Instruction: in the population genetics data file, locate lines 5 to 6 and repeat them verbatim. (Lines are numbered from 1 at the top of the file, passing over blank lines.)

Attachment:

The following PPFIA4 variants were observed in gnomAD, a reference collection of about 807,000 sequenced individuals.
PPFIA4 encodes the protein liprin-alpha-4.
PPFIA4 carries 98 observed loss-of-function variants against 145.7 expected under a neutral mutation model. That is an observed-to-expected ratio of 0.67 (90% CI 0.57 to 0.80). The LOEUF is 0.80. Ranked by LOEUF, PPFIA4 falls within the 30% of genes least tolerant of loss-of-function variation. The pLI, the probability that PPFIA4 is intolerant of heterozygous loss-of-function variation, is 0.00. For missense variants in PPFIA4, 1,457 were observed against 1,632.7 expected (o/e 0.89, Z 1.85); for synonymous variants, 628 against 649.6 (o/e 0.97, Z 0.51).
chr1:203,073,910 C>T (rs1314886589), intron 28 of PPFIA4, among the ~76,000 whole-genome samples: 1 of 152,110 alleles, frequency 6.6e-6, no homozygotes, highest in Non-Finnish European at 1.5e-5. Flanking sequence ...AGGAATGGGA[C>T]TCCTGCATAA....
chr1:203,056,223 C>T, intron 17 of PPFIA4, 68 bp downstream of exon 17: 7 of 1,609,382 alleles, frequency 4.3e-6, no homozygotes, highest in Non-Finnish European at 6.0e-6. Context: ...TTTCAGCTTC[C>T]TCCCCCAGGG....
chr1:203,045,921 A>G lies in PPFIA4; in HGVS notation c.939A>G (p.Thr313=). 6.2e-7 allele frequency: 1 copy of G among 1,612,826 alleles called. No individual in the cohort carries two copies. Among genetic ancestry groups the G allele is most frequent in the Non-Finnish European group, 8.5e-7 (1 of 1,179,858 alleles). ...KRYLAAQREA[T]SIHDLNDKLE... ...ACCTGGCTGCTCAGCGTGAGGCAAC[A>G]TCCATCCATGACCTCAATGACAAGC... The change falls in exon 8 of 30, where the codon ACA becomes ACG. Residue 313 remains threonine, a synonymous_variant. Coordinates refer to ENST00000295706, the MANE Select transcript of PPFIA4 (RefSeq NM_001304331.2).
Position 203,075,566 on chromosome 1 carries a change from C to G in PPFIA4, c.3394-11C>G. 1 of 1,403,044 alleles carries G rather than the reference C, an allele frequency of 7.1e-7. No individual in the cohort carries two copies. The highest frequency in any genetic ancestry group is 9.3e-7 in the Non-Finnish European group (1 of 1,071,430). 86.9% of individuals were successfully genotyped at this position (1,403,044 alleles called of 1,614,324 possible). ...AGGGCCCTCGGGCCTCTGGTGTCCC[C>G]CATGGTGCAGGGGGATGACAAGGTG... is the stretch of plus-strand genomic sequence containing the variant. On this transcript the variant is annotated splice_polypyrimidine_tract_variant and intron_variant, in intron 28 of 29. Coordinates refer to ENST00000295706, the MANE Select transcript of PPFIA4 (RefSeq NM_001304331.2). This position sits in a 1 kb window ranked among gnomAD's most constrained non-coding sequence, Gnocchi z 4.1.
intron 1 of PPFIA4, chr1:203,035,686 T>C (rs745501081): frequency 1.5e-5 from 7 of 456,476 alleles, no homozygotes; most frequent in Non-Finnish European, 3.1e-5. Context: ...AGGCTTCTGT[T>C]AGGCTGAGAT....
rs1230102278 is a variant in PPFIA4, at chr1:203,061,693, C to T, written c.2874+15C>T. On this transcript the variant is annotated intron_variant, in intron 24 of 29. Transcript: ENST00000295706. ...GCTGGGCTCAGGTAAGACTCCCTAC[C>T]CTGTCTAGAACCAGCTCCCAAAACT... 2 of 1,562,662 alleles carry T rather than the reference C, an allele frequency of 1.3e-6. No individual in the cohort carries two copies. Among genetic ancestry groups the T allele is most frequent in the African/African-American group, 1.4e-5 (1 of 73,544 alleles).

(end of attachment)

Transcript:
chr1:203,056,223 C>T, intron 17 of PPFIA4, 68 bp downstream of exon 17: 7 of 1,609,382 alleles, frequency 4.3e-6, no homozygotes, highest in Non-Finnish European at 6.0e-6. Context: ...TTTCAGCTTC[C>T]TCCCCCAGGG....
chr1:203,045,921 A>G lies in PPFIA4; in HGVS notation c.939A>G (p.Thr313=). 6.2e-7 allele frequency: 1 copy of G among 1,612,826 alleles called. No individual in the cohort carries two copies. Among genetic ancestry groups the G allele is most frequent in the Non-Finnish European group, 8.5e-7 (1 of 1,179,858 alleles). ...KRYLAAQREA[T]SIHDLNDKLE... ...ACCTGGCTGCTCAGCGTGAGGCAAC[A>G]TCCATCCATGACCTCAATGACAAGC... The change falls in exon 8 of 30, where the codon ACA becomes ACG. Residue 313 remains threonine, a synonymous_variant. Coordinates refer to ENST00000295706, the MANE Select transcript of PPFIA4 (RefSeq NM_001304331.2).